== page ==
Left Hand made other efforts to integrate with the whites. In January 1861, when the citizens of Denver held one of their many elections, Left Hand again did something entirely unexpected, as reported in the newspaper:

Left Hand chief of the Arapahoe tribe, and one or two of his braves, attended the polls on Saturday last, and offered their votes, which were refused, probably on the ground that their property was not subject to taxation.³

Denver in 1859. Library of Congress, Prints & Photographs Division.

Although they had not allowed him to vote, Left Hand made another appeal later that year. In April, he showed up at Denver’s Apollo Theater to attend a performance. When the program ended, he got up and made a plea to the audience. Again the incident was described in the newspaper:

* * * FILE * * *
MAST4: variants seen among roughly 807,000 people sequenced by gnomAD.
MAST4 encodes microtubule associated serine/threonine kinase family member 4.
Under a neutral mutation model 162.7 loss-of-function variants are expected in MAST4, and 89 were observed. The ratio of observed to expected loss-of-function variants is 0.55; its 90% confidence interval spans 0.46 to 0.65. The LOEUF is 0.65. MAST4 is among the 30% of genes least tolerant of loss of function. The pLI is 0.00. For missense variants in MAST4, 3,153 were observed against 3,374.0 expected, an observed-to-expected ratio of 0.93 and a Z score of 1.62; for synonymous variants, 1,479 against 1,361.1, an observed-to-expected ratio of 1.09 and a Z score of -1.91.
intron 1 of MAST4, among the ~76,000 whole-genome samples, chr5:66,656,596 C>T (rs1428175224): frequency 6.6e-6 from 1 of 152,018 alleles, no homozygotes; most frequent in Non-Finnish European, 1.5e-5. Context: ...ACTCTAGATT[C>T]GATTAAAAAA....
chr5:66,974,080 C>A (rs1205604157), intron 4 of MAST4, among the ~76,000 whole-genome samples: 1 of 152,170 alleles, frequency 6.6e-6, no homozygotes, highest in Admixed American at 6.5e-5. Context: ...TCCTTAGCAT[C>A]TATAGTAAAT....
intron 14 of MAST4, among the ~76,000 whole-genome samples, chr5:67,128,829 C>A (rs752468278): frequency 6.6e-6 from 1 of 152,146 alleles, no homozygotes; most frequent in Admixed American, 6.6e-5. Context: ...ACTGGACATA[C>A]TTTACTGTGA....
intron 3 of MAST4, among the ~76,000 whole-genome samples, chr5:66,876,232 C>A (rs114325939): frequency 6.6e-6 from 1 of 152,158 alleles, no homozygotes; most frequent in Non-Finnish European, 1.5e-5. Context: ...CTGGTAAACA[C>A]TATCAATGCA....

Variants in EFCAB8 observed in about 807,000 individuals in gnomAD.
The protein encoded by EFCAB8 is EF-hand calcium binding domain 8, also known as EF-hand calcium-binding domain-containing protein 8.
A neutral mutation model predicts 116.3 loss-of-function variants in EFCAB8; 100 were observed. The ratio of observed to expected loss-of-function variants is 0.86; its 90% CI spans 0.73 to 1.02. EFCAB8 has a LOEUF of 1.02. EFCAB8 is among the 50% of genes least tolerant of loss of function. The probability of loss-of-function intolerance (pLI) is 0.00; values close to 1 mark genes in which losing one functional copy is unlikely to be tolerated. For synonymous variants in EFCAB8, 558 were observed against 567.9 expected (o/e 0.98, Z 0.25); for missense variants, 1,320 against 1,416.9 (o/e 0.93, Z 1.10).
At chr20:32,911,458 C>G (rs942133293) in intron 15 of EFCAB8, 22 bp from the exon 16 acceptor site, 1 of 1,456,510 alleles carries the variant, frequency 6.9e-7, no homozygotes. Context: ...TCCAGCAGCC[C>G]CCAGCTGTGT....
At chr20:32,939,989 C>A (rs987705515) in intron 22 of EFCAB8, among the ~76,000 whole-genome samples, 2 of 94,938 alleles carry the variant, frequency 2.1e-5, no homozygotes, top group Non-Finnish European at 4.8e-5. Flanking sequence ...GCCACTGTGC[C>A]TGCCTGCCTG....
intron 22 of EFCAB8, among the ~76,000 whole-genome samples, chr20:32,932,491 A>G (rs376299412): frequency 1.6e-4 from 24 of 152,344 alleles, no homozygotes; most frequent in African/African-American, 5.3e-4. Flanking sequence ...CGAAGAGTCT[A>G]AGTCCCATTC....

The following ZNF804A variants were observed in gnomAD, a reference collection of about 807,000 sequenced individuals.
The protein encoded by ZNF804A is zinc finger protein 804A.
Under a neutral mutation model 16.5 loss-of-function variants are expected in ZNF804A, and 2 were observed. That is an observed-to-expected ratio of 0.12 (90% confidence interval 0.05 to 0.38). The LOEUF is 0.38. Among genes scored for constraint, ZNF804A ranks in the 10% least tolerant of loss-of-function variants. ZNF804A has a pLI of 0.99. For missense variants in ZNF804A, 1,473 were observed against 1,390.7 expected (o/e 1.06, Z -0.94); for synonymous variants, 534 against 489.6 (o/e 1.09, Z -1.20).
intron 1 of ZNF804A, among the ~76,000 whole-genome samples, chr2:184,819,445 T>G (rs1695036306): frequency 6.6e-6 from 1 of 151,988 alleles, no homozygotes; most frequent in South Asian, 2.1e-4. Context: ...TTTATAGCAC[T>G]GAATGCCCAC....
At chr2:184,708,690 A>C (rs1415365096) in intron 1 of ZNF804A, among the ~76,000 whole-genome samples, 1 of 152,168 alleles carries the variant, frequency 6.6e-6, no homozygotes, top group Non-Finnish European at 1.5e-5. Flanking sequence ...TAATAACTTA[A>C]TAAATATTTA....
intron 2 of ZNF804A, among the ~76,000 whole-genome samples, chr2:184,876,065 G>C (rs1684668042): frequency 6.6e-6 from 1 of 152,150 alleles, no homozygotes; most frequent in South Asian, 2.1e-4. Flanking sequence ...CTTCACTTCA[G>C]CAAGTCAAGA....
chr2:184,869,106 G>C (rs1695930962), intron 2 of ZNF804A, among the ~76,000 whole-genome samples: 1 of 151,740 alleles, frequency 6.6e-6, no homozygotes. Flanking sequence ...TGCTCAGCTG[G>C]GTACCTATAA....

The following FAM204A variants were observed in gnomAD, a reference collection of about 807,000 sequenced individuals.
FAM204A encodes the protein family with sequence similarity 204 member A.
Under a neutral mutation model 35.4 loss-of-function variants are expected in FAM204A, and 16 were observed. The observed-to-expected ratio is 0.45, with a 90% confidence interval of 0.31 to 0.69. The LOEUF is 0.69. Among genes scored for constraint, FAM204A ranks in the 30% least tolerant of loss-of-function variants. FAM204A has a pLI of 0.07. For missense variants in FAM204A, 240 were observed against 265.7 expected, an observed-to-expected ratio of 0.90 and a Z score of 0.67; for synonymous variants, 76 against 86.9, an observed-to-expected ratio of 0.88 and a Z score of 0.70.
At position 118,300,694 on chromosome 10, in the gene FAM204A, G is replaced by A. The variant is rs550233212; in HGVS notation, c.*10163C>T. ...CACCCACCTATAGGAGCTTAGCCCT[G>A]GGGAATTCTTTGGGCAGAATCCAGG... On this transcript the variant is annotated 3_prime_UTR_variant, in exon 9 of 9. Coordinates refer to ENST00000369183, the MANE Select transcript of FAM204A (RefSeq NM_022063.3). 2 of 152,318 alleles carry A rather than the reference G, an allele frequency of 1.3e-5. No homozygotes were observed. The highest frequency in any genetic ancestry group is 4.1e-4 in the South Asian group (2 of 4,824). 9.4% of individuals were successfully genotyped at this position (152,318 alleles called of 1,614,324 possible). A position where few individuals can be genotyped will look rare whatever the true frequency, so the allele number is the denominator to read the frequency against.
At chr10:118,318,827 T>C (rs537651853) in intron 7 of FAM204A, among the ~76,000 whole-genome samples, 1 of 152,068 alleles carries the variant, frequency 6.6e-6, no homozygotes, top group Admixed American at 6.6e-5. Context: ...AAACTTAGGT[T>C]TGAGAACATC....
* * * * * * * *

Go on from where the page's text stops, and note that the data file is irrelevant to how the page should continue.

There was a fine audience last night at the Apollo. The Amateur and Professional actors acquitted themselves admirably in the lady of Lyons and the afterpiece. Left Hand and a score of his brethren were present. In his vernacular, the Arapahoe Chief makes a handsome speech. He wished his white brethren would stop talking about fighting with his people, because his people had no enmity against them whatever—but looked on them as brethren.

The same week, Little Raven, Left Hand and two other sub-chiefs, Storm and Shave Head, met with leading whites in the office of the latest Indian agent, who had replaced Fitzpatrick when he died. Little Raven made an impassioned speech for peace, promising to treat the whites kindly and asking the same from them. He pointed out that their game had become scarce, and they were compelled at times to ask for food from the whites.

The year 1862 was a quiet